• Adam Garnet Jones (Cree/Métis/Danish) is a Two-Spirited screenwriter, director, beadworker and novelist from Edmonton Alberta. His award-winning films have toured the international film circuit from Toronto to L.A., Sydney, Berlin and Beijing. His first novel, Fire Song was published in the spring of 2018. Adam continues to explore his voice as a Two-Spirit writer, through screenplay, poetry, and literary fiction.
  • Kai Minosh Pyle is a Métis and Sault Ste. Marie Nishnaabe 2spirit writer originally from Green Bay, Wisconsin and currently living in the Dakota people’s homelands in occupied Bde Ota Otunwe (Minneapolis, Minnesota). They are a PhD student at the University of Minnesota where they are studying Anishinaabe 2spirit history and literature as well as Michif-language oral history.
  • Nazbah Tom was born and raised on the Navajo reservation. They currently live in Tkaronto with their wife and stepdaughter. They have been published in Turtle Island to Abya Yala: A Love Anthology of Art and Poetry by Native American and Latina Women. Their ongoing work includes a biospiritual allegorical play called Sacred Script that explores and deconstructs “dilbaa” the masculine presenting women of the Diné. They are also as working on a children’s book. They do their best to capture poems and short stories haunting them at all hours of the day.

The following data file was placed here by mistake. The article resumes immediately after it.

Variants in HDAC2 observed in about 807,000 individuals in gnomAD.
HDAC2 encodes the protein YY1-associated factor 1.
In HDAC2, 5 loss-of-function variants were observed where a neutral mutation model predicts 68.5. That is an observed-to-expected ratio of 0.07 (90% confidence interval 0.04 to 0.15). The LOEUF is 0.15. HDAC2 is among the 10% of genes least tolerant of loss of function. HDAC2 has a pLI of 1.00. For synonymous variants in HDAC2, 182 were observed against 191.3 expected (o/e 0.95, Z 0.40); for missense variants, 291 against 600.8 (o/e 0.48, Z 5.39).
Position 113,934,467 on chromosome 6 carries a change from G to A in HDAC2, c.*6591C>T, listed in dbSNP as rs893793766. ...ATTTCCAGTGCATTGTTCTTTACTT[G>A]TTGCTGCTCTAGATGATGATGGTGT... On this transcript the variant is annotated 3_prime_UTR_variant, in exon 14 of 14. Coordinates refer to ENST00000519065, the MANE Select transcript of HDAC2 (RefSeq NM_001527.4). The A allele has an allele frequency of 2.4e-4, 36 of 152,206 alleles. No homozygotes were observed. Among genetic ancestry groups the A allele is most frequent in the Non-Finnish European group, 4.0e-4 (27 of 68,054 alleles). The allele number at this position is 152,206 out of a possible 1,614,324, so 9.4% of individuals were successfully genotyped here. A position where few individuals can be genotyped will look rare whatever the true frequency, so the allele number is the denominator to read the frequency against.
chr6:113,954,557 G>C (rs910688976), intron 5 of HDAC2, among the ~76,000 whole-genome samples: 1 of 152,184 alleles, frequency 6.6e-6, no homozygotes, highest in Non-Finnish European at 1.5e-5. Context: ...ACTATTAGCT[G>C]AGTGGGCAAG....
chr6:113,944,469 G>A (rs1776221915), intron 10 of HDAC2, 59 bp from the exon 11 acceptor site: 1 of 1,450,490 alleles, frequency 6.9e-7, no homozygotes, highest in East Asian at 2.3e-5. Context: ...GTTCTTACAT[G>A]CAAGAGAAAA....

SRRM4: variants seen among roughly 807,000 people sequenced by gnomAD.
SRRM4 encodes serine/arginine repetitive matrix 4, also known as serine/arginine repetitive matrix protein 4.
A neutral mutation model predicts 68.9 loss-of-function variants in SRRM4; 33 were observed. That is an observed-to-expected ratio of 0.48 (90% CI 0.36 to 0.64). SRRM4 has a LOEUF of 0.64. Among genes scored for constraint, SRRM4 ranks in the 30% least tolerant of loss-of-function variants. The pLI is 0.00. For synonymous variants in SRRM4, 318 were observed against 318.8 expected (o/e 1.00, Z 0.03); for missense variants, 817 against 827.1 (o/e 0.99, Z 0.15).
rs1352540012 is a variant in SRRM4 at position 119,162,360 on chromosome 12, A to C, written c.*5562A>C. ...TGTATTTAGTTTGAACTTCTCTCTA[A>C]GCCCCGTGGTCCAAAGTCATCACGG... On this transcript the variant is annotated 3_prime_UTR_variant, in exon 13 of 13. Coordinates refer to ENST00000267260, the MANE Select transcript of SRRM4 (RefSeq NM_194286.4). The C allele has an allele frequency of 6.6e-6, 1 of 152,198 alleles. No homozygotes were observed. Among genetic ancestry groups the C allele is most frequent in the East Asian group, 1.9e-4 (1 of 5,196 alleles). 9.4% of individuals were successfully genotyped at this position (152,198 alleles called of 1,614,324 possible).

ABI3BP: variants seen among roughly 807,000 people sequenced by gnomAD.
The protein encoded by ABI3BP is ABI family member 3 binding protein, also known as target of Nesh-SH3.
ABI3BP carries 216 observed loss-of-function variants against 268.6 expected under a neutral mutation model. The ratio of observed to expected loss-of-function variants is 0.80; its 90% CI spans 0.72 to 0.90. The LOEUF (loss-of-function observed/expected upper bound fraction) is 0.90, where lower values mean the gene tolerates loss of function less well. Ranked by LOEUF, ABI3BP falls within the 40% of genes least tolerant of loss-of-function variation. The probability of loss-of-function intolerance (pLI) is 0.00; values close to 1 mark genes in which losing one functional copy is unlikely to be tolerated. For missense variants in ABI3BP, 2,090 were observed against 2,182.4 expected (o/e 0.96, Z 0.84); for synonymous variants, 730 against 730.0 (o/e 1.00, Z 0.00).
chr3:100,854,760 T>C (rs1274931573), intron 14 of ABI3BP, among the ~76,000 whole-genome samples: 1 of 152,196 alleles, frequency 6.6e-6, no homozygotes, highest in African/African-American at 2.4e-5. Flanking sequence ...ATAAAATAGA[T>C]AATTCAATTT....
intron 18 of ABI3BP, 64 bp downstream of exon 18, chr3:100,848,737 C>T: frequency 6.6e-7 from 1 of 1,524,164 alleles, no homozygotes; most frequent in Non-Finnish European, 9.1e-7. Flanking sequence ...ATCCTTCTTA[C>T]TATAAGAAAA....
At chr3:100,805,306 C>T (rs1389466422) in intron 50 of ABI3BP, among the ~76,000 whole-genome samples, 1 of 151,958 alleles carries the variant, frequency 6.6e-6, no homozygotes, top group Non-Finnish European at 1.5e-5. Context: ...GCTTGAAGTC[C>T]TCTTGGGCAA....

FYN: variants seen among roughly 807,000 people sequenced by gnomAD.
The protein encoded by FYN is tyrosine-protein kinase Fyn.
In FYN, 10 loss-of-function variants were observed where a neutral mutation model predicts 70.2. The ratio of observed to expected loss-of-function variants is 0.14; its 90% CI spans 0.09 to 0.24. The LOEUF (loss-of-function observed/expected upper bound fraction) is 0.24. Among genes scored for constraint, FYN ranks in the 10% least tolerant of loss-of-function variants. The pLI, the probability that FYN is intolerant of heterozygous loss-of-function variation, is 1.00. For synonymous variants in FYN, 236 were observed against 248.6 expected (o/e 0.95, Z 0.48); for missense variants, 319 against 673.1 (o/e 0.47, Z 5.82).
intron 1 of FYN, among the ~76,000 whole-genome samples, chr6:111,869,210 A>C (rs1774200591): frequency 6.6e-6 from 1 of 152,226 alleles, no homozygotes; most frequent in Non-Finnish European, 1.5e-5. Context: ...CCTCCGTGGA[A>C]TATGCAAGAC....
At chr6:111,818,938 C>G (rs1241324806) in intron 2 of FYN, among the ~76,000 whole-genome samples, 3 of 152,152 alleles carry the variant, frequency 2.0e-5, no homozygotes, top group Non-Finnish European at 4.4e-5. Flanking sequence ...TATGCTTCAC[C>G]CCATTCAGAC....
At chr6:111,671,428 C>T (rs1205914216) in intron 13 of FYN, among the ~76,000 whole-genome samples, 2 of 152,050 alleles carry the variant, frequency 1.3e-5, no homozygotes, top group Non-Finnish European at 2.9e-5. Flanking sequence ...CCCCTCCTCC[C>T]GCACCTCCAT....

• Jaye Simpson is an Oji-Cree Anishinaabe Two Spirit trans femme warrior whose roots hail from the Sapotaweyak and Skownan Cree Nation. jaye holds firm their rage about being a former youth in care, as well as a queer indigenous person and weaves it into poetry and prose. jaye also explores the magic, intimacy and vulnerability they encounter as a healing creature amongst other healing beings. jaye is a displaced indigenous person living, creating and occupying on xʷməθkʷəy̓əm (Musqueam), səl̓ilwətaɁɬ (Tsleil-waututh), and sḵwx̱wú7mesh (Squamish) First Nations territories.
  • Gabriel Castilloux Calderón is a two spirit Mi’kmaq and Algonquin drummer and also a grass, jingle and buffalo dancer. They currently thrive in an isolated community in the Canadian arctic, with their future spouse, dancing in blizzards, teaching beadwork and sharing two spirit teachings with youth. Raised on a steady diet of comic books and traditional storytelling, Gabriel’s vivid imagination took them to other worlds to escape their traumatic environment. However, in reality, their greatest resistance is writing queer erotica fanfiction, radically unapologetic spoken word and dreaming up a dystopian comic book series about antiheroes taking down the government. Gabriel is actively involved in several different forms of traditional indigenous culture and ceremony and proudly celebrates an addiction free life.
  • Joshua Whitehead (Giller nominated author of Jonny Appleseed) is an Oji-Cree, Two-Spirit storyteller and academic from Peguis First Nation on Treaty 1 territory in Manitoba.
  • Alice RL is a nonbinary, Ojibawe illustrator and UX designer currently attending the Digital Media Design course at Red River College. They have an interest in presenting beautiful and emotional stories that are LGBT inclusive.